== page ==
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Climate change and us

Video of measuring your carbon footprint

In this presentation above, Dr Max Clayton-Smith and Dr Sangita Kindred explain how to measure carbon footprint. The video voice over is by Dr Manu-Priya Sharma.

Max Clayton-Smith is a consultant anaesthetist at Manchester University NHS Foundation Trust. He has a strong interest in the environmental impact of healthcare and is a former Health Education North-West Fellow in Sustainable Anaesthesia and Information Specialist, in the ‘Greener Operations’ James Lind Alliance Priority Setting Partnership.

Sangita Kindred is a core Anaesthetics trainee in North Central London. She previously worked as an A&E registrar in Australia, where she saw the devastating effects of wild fires and climate impacts on coral reefs. Since then she has developed a passion for sustainability.

What is a carbon footprint?

  • The definition of carbon footprint has evolved over time. The most widely accepted definition today is the following: “The quantity of greenhouse gases emitted into the atmosphere by an individual, organisation, process, product, or event” (Pandey et al 2011).
  • Carbon footprint is still the universal term used in regards to climate change, so we will be using it in this section to discuss our impact on the climate.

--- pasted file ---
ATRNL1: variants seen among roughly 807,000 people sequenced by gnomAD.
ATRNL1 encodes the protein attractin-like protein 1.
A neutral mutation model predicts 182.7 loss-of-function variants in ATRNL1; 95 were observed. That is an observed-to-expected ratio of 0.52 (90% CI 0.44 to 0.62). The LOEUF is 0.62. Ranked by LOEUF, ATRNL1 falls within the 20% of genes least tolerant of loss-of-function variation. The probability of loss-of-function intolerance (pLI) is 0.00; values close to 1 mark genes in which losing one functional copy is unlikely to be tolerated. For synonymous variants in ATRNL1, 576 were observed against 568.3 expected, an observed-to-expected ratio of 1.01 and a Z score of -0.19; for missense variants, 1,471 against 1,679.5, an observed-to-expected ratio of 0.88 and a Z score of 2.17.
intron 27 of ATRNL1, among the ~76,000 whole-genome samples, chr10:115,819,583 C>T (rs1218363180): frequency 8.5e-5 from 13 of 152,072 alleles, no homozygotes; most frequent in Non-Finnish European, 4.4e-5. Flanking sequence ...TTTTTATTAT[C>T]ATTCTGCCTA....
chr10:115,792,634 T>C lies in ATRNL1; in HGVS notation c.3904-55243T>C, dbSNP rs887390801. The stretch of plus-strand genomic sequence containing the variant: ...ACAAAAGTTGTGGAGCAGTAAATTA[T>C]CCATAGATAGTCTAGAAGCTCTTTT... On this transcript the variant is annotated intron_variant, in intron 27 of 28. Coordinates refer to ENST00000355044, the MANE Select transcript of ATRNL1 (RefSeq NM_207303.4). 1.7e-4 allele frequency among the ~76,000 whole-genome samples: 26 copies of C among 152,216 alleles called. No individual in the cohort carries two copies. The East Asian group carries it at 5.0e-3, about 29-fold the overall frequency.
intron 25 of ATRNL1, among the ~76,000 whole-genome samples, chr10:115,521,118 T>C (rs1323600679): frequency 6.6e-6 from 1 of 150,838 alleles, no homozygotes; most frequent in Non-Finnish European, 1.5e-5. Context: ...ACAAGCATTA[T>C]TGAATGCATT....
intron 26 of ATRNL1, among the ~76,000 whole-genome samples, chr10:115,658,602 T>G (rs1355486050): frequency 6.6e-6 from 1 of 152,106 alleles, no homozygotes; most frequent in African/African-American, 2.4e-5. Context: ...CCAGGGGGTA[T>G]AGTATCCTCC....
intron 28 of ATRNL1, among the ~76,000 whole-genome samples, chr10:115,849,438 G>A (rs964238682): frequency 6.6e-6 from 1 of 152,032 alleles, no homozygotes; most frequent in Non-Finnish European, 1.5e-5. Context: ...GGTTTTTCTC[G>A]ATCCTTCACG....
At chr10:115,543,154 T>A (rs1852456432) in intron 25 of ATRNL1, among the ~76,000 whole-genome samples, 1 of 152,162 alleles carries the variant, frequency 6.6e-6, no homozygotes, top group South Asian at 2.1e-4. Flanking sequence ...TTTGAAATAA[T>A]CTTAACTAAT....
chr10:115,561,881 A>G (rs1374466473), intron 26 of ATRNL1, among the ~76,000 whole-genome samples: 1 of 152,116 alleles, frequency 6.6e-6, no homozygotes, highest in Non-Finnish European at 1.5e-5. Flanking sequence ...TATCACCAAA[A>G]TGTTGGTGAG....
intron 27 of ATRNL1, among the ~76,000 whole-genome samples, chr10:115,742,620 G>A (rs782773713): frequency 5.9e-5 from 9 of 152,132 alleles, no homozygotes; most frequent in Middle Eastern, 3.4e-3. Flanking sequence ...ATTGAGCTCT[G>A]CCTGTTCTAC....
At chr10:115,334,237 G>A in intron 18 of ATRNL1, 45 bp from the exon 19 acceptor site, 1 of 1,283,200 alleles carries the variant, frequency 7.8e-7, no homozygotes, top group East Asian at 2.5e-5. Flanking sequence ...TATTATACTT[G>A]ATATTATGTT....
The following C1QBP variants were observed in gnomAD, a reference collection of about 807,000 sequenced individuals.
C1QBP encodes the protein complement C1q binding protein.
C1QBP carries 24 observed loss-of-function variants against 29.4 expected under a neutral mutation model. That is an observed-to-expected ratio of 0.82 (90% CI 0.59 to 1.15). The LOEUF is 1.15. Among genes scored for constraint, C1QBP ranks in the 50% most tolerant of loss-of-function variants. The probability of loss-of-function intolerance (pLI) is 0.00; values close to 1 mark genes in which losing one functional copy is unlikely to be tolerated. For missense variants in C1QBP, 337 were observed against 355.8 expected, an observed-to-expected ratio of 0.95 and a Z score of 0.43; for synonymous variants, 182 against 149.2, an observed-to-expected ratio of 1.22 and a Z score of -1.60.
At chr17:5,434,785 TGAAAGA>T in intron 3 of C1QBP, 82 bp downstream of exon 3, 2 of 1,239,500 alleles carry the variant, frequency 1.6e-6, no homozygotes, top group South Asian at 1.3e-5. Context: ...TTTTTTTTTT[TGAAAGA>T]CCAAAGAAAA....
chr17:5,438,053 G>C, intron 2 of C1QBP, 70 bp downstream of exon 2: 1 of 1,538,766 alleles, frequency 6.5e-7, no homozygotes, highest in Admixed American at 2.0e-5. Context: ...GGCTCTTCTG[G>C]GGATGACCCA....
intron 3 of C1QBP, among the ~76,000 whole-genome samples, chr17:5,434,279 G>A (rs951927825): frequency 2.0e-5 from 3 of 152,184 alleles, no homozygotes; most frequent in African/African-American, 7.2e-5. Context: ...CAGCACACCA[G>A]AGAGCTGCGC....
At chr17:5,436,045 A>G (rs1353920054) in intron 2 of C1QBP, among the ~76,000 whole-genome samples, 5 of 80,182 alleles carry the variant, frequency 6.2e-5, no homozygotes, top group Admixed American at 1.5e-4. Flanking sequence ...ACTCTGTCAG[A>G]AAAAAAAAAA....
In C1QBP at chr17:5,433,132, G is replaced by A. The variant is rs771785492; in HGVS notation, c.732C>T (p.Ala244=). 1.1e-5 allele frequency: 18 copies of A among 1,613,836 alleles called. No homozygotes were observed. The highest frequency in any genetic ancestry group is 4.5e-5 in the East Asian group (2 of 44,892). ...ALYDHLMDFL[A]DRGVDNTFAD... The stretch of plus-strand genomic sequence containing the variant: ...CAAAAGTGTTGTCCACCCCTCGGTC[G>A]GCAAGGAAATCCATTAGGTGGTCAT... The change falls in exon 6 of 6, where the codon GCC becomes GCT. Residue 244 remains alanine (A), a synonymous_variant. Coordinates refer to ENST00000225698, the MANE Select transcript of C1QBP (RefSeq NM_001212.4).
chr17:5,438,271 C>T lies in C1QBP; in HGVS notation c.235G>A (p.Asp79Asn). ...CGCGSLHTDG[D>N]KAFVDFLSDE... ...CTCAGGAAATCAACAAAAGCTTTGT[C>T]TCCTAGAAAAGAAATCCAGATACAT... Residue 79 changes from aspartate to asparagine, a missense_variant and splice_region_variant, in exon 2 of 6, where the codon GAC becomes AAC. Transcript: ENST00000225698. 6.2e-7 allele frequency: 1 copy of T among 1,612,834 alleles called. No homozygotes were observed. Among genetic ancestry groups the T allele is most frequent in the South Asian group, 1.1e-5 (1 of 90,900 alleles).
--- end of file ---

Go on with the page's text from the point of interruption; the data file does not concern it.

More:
Calculating CO2e

We can calculate the CO2e from car emissions, households, commercial infrastructure, healthcare systems, countries and the world. This can provide a useful tool for making direct comparisons and facilitating communication on how we can cut emissions.

For example,

1kg of CO2 directly released into the atmosphere = 1 Kg (CO2e).
  • The CO2e of petrol burned whilst driving a car with CO2 exhaust emissions of 120g/km for a distance of 10km is 1.2kg.
  • The petrol burned whilst driving a car with CO2 exhaust emissions of 120g/km for a distance of 10km is equivalent to 1.2Kg (CO2e) (0.12kg x10km)
  • The CO2e of 1kg of nitrous oxide is 298 kg. This is the equivalent of driving from London to Kiev!
  • The CO2e of 2kg of methane is 50kg. This is the equivalent of driving from London to Cardiff, and back again. A cow is estimated to produce 70-120kg of methane gas per year.

A word of warning

Although CO2e is extremely important in measuring the effects of global warming via greenhouse gases, it does not contain information about other types of environmental damage such as contamination of waterways, or the effects of nuclear radiation.

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How to Drive Sustainable Healthcare: Educate, Engage, and Empower

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